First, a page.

Michael O'Doherty: We can't even sort the Wi-Fi, so it's no wonder that Web Summit may move
It was, perhaps, the most Irish of Irish jokes.
Last year some of the biggest players in the world's technology community came to Dublin for the annual Web Summit. Guess what? The Wi-Fi broke down at the venue.
The event, founded by three Irish men, has rapidly become Europe's largest technology festival, contributing millions to the Dublin economy as up to 15,000 foreign visitors descend on the capital.
Not only that, co-founders Paddy Cosgrave (right), Daire Hickey and David Kelly have capitalised on the success of their idea to hold conferences in Las Vegas, Hong Kong and Belfast this year, with further expansion planned in 2016.
But accompanying this Irish success story, as inevitably seems to happen, is negative publicity in the shape of rumours that the Summit may not be held in Dublin next year, and negotiations have been taking place to move the event to Portugal in 2016.
The infrastructural cock-up which dogged last year's event is not the only thing that will have prompted the organisers to consider moving abroad.
If the Web Summit does decide to relocate, many of the people who lose out will only have themselves to blame.
With all those delegates coming in from abroad requiring accommodation, the Dublin hotel industry was no doubt licking their lips at doing what they do best - fleecing visitors by hiking up their prices by as much as 500pc.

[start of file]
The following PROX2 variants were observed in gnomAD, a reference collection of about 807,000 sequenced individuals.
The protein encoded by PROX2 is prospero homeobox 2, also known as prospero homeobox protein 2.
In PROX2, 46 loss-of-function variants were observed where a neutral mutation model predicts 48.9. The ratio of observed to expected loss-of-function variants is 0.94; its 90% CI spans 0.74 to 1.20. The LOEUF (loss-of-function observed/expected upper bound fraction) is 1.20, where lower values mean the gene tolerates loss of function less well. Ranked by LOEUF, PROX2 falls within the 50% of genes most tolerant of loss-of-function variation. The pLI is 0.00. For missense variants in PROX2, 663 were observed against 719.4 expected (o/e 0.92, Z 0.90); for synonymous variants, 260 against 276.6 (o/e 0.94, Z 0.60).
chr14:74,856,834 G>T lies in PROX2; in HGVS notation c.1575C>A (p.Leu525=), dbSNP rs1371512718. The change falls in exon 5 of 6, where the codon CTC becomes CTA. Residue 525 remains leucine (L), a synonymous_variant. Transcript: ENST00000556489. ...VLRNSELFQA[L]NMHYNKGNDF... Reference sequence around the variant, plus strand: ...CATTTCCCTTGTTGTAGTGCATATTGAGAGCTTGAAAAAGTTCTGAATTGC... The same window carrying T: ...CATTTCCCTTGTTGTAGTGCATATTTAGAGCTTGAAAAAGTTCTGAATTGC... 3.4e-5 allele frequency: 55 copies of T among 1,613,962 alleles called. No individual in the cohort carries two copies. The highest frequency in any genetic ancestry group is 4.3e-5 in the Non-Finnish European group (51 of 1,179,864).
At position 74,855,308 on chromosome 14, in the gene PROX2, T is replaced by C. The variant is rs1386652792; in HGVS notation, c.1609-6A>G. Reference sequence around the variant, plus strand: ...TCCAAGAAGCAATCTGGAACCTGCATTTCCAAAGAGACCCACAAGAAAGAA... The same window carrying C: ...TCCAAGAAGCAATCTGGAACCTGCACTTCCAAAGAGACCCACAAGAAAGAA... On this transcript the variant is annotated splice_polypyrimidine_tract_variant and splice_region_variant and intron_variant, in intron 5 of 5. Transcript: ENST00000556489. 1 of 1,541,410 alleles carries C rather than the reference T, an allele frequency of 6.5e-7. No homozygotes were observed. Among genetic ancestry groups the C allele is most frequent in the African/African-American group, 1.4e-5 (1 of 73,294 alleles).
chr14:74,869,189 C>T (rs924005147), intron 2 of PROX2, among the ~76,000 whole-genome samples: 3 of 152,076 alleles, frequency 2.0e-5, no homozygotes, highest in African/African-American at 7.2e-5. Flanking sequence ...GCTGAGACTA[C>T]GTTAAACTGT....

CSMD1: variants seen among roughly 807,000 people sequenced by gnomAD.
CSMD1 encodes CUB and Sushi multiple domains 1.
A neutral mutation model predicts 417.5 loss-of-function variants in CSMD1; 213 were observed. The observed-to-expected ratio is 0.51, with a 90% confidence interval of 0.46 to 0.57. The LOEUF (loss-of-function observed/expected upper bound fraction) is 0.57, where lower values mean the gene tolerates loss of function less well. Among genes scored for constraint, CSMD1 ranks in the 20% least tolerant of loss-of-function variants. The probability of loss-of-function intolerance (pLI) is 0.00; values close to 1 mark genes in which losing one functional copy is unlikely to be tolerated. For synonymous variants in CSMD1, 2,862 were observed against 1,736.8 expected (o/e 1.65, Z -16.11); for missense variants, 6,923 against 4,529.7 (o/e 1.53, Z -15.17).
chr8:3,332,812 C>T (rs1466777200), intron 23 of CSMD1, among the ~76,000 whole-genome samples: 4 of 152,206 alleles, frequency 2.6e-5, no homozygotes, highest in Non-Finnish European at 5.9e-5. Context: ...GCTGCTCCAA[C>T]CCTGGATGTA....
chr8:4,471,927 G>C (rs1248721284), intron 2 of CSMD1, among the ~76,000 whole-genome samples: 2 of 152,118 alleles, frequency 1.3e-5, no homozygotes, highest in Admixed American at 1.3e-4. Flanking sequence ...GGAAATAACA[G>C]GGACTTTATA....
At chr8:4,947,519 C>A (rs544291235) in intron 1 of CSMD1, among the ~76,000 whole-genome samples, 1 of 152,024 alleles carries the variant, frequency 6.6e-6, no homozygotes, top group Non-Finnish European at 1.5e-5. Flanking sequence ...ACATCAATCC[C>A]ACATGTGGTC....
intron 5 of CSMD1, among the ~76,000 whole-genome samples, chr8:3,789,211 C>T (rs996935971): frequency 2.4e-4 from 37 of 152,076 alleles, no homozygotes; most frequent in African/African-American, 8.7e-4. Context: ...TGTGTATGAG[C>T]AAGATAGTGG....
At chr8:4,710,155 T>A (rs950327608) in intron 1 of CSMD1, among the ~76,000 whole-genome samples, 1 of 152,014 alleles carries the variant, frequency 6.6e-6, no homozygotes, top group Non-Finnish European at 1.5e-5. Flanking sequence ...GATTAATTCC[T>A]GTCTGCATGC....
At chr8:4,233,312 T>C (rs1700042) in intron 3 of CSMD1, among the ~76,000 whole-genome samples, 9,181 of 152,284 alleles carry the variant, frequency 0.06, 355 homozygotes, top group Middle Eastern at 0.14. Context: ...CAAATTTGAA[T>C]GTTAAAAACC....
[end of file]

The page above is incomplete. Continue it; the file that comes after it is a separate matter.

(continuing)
Elsewhere, there is the sheer Irishness of thinking that just because the event was founded by Irish people, they are obliged to hold it here each year.
This same small-mindedness rears it head when the likes of U2 or Ryanair consider basing their operations anywhere other than Ireland.
The revelation of negotiations with the Portuguese suggests what this move is really all about, of course.
It's not about Wi-Fi, it's not about taxi fares or hotel bills. It's about money.
Because when you read that the organisers are "understood to believe that State resourcing for the Web Summit falls short in funding compared to other conferencing events held in Ireland and abroad", it does rather suggest one thing.
Why, rather than spending money to hold the event here, are the Web Summit organisers not being paid by the Irish Government to do so?
This would be much like the F1 Grand Prix circuit, where countries get to hold races based on how much they pay the organisers to let them do so.
The Web Summit boffins are entitled to ask: if the very companies that make the Web Summit happy - Google, Facebook and Twitter -receive enormous incentives from the Government to locate here, why don't we get a piece of the pie?
For all the lofty talk about the Web Summit, it is, ultimately, a purely commercial enterprise.
It's a long way from geeky programming in unheated Rathmines bedsits that its founders have come.